Today I tackle a heavy subject: weight. What is it and do you want to lose it?
Weight is a scientific term defined as the force of gravity on an object and is calculated as mass times the acceleration of gravity. [w = mg] In regular speak, weight is your size (mass) multiplied by how much gravity is pulling on you. So what you weigh on Earth would be different than what you'd weigh on the moon since the moon has less gravity than Earth. And in space you'd be weightless. Imagine that--no matter what your mass, you would weigh absolutely nothing in outer space.
In terms of health and fitness, we tend to be obsessed with our body weight. Some of us want to lose it, some of us want to gain it and some of us just ignore it. But do you really want to lose weight?
In a nutshell, no. And here's why.
The more you weigh, the more calories you burn.
I can hear some of you protesting: "But my clothes are too tight, I have love handles, my thighs are too large, my butt jiggles, I need to lose weight."
In these instances, what you're really wanting to lose is body fat. Because your weight, or more accurately, your body mass, is comprised of muscle and organ tissue, skin and bones, blood and other fluids, and fat.
A certain amount of body fat is needed for good health. Men need at least 2-5% of their bodies to be composed of fat with up to 24% being acceptable. Women need a body composition of at least 10% fat with up to 31% fat being acceptable. Anything more than that is considered obesity.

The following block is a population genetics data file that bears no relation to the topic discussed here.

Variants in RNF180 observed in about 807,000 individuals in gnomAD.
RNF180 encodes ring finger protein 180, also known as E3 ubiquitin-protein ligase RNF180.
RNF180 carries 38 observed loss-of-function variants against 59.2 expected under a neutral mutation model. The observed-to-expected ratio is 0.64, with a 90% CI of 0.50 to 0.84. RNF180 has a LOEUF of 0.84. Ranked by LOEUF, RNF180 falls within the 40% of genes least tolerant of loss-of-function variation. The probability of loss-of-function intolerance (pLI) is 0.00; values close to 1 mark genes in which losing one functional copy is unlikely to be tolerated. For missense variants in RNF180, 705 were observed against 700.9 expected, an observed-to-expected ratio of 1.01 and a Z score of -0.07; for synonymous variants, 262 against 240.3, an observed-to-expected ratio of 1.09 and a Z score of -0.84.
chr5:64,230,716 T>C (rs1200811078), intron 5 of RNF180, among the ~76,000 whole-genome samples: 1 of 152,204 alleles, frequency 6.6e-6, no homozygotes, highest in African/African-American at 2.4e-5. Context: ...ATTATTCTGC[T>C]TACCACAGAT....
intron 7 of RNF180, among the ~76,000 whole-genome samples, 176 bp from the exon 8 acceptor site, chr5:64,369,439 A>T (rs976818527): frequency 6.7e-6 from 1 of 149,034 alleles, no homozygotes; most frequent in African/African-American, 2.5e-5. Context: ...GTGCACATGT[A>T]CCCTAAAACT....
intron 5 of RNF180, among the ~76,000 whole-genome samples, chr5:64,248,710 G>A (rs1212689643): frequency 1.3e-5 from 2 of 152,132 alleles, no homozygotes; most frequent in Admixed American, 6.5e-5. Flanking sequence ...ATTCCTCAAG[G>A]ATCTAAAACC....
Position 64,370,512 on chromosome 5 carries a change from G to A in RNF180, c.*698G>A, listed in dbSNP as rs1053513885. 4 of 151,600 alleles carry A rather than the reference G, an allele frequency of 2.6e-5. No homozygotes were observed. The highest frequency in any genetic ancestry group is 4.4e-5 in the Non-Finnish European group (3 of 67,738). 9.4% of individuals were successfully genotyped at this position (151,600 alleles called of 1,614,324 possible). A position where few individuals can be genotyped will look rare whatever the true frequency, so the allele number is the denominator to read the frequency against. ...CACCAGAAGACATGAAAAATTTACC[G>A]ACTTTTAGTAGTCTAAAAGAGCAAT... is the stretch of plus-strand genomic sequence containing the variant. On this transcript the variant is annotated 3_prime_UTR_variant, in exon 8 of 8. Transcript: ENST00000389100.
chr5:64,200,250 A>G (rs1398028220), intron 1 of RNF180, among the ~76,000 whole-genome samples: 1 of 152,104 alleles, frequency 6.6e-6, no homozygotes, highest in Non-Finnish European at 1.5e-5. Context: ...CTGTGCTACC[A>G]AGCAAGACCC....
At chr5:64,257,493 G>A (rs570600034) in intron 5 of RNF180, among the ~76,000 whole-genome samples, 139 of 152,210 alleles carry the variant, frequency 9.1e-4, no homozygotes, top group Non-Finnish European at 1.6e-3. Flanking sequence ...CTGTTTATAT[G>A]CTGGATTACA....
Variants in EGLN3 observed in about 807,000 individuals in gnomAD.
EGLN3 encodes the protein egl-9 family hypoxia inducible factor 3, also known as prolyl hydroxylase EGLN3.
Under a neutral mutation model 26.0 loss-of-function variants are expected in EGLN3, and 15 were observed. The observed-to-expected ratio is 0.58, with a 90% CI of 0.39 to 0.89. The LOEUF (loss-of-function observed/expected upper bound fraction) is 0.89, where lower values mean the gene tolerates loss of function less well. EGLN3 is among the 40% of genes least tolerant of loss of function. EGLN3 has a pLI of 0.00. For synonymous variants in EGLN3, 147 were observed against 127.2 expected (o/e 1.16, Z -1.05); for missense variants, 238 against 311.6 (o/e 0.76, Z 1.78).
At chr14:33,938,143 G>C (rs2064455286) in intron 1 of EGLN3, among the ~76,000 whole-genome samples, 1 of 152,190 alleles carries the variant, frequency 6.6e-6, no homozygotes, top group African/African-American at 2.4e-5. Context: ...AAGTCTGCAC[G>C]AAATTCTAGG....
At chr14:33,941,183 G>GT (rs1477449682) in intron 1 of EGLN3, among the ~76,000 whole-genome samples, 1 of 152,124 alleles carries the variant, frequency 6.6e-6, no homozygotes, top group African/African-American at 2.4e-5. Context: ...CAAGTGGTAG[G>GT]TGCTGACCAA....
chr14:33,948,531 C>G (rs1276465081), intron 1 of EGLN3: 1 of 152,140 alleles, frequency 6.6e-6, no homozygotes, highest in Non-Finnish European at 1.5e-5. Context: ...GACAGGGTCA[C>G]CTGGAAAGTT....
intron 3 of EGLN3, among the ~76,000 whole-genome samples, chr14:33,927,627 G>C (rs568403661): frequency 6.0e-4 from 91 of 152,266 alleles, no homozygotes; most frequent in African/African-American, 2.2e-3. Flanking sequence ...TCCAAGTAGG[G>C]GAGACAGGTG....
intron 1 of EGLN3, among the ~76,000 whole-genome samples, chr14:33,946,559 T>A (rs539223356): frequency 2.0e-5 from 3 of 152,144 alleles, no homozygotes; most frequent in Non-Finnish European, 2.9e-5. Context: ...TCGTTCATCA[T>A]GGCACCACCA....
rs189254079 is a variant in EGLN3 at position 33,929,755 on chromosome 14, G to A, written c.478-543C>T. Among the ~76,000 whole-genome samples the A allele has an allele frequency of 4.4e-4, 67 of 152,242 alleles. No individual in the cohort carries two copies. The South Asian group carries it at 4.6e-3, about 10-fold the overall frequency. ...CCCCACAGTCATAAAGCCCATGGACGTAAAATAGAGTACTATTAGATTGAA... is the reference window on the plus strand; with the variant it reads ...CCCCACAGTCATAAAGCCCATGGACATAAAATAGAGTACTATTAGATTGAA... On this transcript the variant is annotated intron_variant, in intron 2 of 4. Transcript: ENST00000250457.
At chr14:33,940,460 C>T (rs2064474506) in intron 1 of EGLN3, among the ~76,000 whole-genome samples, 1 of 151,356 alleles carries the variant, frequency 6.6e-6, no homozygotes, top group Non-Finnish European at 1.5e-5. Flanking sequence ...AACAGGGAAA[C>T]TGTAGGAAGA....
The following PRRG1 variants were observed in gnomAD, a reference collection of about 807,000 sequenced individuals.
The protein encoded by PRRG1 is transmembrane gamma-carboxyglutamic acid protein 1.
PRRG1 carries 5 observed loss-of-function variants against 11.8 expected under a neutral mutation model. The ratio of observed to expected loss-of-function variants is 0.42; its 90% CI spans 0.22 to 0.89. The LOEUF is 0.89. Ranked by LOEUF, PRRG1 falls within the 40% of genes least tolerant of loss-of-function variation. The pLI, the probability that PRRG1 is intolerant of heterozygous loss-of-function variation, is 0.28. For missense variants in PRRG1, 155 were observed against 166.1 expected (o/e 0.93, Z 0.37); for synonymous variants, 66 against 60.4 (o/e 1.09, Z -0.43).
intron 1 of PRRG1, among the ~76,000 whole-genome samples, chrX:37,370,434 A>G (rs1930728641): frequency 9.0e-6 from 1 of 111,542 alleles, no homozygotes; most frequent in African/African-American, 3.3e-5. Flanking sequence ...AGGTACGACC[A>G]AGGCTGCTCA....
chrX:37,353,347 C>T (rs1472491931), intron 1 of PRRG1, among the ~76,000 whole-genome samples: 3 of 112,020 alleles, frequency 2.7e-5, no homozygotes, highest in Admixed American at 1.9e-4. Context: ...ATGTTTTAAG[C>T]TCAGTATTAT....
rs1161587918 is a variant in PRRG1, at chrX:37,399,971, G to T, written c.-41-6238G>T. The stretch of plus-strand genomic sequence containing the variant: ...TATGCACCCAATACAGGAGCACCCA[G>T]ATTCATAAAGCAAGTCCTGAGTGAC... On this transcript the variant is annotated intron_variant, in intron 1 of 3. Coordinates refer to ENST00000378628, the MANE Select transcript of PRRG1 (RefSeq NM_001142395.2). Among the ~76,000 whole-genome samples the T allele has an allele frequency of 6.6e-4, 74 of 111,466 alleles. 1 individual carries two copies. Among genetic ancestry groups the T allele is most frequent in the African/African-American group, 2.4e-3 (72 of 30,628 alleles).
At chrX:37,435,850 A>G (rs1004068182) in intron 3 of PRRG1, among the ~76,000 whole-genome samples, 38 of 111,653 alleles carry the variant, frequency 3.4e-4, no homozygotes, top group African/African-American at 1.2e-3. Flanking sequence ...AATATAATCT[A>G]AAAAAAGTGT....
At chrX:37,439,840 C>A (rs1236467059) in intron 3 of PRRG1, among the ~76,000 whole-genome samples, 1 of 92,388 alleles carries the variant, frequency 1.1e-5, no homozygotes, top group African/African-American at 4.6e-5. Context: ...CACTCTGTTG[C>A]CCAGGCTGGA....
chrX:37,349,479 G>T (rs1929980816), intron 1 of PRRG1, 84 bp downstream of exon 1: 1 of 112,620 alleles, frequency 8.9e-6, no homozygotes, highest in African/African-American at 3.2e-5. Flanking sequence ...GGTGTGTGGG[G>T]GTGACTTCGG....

Muscle tissue, on the other hand, is metabolically active and burns calories. So the more muscle you have, the more calories you burn even at rest...even while you're sleeping! Muscle is more compact than fat. A pound of muscle takes up less space than a pound of fat which is why if you gain muscle tissue and burn off fat, your net weight/mass might not change, but your clothes will fit better, your measurements may decrease, and your metabolism will increase. And this is a good thing.
Another type of weight you want to be careful about losing is fluid weight. If you weigh yourself before an exercise session, workout and sweat vigorously, and then weigh again right after, what you've lost on the scale is not body fat but fluid. And you need to regain that weight by drinking water to prevent dehydration. The American Council on Exercise recommends drinking at least 8 ounces of water before exercise, 8-16 ounces during exercise, and at least another 8 ounces after exercise. That's almost a quart of water.
So to summarize:
Weight/mass = body fat, muscle and other lean tissues, fluid.
Muscle mass = maintain/build this
Fluid = replenish fluids lost via exercise; drink 8-10 glasses of water daily and eat plenty of vegetables and fruits that contain water. Go easy on the salt which causes the kind of water retention you don't want. Remember, your body is 98% water. Fluid intake is vital to good health and proper body functioning.
Lean body tissue = eat a healthy, balanced diet so that your body doesn't break down and consume your organ tissue for nutrients. If you're not sure what a healthy diet is, check out http://www.choosemyplate.gov/MyPlate
And lastly, I say throw out your scale. Weighing yourself is deceptive because the number on the dial doesn't tell you what % is fat, fluid and lean body tissue. But you know what isn't deceptive? Clothing. Clothes don't lie. Buttons, zippers and belts are brutally honest. When your clothes become tight, you know it's time to make some lifestyle changes. And when you find you can comfortably notch your belt a little tighter or your pants slide on easily, or you can zip up that little dress you've been wanting to wear, then you know you're making good progress in changing your body composition.
So wait on checking your weight. Focus on acting like the person you want to become. When you live like a slim, active person, you'll become a slim, active person.
Lover of dance, dance-fitness and aquatic fitness.